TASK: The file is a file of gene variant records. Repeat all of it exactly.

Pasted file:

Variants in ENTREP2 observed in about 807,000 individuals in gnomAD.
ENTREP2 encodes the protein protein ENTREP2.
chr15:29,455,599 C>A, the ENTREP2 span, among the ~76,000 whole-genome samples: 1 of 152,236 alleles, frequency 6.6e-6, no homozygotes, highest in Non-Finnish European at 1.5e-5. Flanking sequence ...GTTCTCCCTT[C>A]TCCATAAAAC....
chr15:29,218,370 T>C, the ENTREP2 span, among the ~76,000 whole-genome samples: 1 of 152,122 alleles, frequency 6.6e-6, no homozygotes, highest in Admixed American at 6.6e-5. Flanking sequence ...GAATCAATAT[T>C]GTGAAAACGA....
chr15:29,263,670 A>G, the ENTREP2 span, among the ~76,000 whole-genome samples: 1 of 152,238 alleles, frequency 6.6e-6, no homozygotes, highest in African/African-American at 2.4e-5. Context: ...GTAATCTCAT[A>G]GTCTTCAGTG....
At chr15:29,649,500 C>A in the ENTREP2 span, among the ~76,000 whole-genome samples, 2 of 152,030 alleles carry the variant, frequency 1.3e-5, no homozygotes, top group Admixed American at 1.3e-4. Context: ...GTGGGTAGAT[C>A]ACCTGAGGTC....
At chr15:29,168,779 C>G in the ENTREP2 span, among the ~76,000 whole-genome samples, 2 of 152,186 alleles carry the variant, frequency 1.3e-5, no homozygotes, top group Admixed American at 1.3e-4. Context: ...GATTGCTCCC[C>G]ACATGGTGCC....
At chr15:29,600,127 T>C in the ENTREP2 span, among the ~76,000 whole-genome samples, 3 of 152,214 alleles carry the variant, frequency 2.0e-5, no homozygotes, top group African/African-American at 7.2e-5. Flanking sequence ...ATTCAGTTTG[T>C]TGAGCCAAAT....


Variants in ENTREP2 observed in about 807,000 individuals in gnomAD.
ENTREP2 encodes the protein protein ENTREP2.
chr15:29,455,599 C>A, the ENTREP2 span, among the ~76,000 whole-genome samples: 1 of 152,236 alleles, frequency 6.6e-6, no homozygotes, highest in Non-Finnish European at 1.5e-5. Flanking sequence ...GTTCTCCCTT[C>A]TCCATAAAAC....
chr15:29,218,370 T>C, the ENTREP2 span, among the ~76,000 whole-genome samples: 1 of 152,122 alleles, frequency 6.6e-6, no homozygotes, highest in Admixed American at 6.6e-5. Flanking sequence ...GAATCAATAT[T>C]GTGAAAACGA....
chr15:29,263,670 A>G, the ENTREP2 span, among the ~76,000 whole-genome samples: 1 of 152,238 alleles, frequency 6.6e-6, no homozygotes, highest in African/African-American at 2.4e-5. Context: ...GTAATCTCAT[A>G]GTCTTCAGTG....
At chr15:29,649,500 C>A in the ENTREP2 span, among the ~76,000 whole-genome samples, 2 of 152,030 alleles carry the variant, frequency 1.3e-5, no homozygotes, top group Admixed American at 1.3e-4. Context: ...GTGGGTAGAT[C>A]ACCTGAGGTC....
At chr15:29,168,779 C>G in the ENTREP2 span, among the ~76,000 whole-genome samples, 2 of 152,186 alleles carry the variant, frequency 1.3e-5, no homozygotes, top group Admixed American at 1.3e-4. Context: ...GATTGCTCCC[C>G]ACATGGTGCC....
At chr15:29,600,127 T>C in the ENTREP2 span, among the ~76,000 whole-genome samples, 3 of 152,214 alleles carry the variant, frequency 2.0e-5, no homozygotes, top group African/African-American at 7.2e-5. Flanking sequence ...ATTCAGTTTG[T>C]TGAGCCAAAT....